Merida's hair has a lot character - "There's volume. There's length. There's different size curls." She goes on to say, "The curls themselves are really tightly wound curls but the movement of her overall curl is nice and soft. And there's also these hairs that break away from her silhouette to show her wildness, her adventureness. And that's kind of the key look for Merida's hair that we had to hit when we designed her. So, as a groomer, this is what I would see in the computer. This is what I would work with, Merida kind of standing there. I would take her scalp and basically grow curls off of her head and detail exactly how those curls grow."

    "The groomer who actually worked on Merida developed a new technique because she was like, "How do I get these curls that look the way the art director wants or the director wants?" She's like, "I really need a curling iron." So she actually built in the computer a curling iron where she could change the sizes of the cylinder, the length and stuff, so she could curl the curves around that. That was really what she to actually produce these curls really fast and direct, and have them be art directed. Fifteen hundred hand-placed, sculpted curves. That's a lot of time in the, in the wig-making process."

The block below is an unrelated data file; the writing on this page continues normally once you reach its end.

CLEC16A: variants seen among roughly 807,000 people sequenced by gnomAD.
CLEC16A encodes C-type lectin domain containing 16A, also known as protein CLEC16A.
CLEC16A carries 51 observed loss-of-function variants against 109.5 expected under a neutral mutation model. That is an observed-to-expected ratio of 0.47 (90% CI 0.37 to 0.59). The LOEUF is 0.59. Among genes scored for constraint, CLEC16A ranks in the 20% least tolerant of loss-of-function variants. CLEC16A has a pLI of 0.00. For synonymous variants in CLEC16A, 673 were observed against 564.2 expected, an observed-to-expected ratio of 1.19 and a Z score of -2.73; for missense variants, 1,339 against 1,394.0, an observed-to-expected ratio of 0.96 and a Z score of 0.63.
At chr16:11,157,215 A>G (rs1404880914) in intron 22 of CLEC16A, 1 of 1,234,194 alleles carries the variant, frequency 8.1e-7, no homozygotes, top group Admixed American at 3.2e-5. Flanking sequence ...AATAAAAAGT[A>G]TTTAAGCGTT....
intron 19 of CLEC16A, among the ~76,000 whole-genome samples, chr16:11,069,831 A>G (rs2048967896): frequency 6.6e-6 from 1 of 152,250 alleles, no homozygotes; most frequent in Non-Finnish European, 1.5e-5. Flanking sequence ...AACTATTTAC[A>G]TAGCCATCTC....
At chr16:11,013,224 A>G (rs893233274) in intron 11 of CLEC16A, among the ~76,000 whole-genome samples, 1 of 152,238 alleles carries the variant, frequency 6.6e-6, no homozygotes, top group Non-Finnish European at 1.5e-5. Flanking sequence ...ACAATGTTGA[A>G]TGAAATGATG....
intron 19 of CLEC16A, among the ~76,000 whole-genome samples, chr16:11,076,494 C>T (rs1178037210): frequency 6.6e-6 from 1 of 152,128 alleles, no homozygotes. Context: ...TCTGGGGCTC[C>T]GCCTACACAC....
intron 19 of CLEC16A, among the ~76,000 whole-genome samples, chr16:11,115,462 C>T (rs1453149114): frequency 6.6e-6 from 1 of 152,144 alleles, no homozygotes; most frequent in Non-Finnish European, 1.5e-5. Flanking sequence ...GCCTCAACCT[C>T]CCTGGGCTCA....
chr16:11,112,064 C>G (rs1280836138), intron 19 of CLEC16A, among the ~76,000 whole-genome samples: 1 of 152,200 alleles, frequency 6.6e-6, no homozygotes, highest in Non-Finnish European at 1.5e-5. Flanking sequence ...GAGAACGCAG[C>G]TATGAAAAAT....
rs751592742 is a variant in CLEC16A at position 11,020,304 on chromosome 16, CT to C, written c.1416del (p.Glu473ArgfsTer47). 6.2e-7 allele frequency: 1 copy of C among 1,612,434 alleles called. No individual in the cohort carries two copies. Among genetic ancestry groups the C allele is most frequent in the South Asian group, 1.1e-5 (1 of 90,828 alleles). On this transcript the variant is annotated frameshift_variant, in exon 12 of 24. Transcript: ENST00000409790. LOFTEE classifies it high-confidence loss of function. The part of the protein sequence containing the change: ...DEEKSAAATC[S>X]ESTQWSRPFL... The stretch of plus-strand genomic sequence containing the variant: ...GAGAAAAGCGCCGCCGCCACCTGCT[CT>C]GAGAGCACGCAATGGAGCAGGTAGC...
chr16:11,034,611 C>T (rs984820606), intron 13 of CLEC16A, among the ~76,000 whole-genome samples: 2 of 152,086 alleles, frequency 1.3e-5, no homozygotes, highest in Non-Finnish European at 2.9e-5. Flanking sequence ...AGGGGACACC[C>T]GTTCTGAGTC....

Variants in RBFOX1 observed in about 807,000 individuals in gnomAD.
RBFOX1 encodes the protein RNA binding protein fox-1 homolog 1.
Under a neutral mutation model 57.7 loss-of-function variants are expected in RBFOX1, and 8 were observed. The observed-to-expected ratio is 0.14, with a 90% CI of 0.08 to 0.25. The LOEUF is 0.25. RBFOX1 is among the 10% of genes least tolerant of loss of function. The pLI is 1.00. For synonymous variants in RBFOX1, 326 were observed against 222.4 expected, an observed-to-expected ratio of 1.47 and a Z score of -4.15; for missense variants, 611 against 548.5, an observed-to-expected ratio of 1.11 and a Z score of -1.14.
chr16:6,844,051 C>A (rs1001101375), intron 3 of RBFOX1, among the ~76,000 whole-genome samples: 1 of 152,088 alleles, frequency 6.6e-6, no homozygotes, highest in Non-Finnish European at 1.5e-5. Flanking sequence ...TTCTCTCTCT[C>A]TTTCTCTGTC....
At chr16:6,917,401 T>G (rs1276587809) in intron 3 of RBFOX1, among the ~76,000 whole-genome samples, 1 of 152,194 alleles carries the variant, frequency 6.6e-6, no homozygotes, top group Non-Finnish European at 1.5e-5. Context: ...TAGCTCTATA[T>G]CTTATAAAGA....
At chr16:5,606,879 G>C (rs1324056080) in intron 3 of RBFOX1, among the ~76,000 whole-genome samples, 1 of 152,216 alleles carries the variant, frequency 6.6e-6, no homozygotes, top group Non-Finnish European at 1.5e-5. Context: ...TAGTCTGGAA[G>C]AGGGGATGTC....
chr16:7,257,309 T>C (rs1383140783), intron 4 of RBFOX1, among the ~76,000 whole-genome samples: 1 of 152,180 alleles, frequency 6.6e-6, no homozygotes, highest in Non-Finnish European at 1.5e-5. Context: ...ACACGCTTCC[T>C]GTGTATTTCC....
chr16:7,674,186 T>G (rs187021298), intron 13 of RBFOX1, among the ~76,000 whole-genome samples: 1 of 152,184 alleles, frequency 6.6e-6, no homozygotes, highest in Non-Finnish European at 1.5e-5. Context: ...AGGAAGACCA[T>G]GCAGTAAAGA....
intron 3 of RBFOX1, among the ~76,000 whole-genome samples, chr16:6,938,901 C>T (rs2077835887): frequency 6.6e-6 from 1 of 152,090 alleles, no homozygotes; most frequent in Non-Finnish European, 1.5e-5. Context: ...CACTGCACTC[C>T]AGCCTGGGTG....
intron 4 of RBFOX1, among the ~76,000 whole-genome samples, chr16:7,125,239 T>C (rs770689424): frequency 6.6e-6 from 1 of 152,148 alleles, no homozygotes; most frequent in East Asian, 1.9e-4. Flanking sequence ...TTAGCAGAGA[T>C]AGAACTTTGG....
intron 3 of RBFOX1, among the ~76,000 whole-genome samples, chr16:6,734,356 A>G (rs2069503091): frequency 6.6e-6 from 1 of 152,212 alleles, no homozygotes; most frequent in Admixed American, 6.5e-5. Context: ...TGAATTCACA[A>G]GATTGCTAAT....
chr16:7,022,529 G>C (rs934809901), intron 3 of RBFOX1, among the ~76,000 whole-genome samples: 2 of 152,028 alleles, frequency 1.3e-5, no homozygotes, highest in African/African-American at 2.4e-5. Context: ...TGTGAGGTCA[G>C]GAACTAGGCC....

• Grooming the Horse: 6 of 14
    Grooming the Horse:
    "Although Merida is probably the most iconic hair on Brave, it's not the most complex in the sense of the different types of hair that's on her body. She only has head hair and eyebrows and eyelashes. Angus (her horse) itself is actually much more complex. He has eight layers of groom but his layers aren't like Merida's layers which are layered on top of each other. His layers are the different types of hair (that) he has on him. He has his tail, his mane, his fetlocks, he has belly fur and he has chin fur and they all have to move.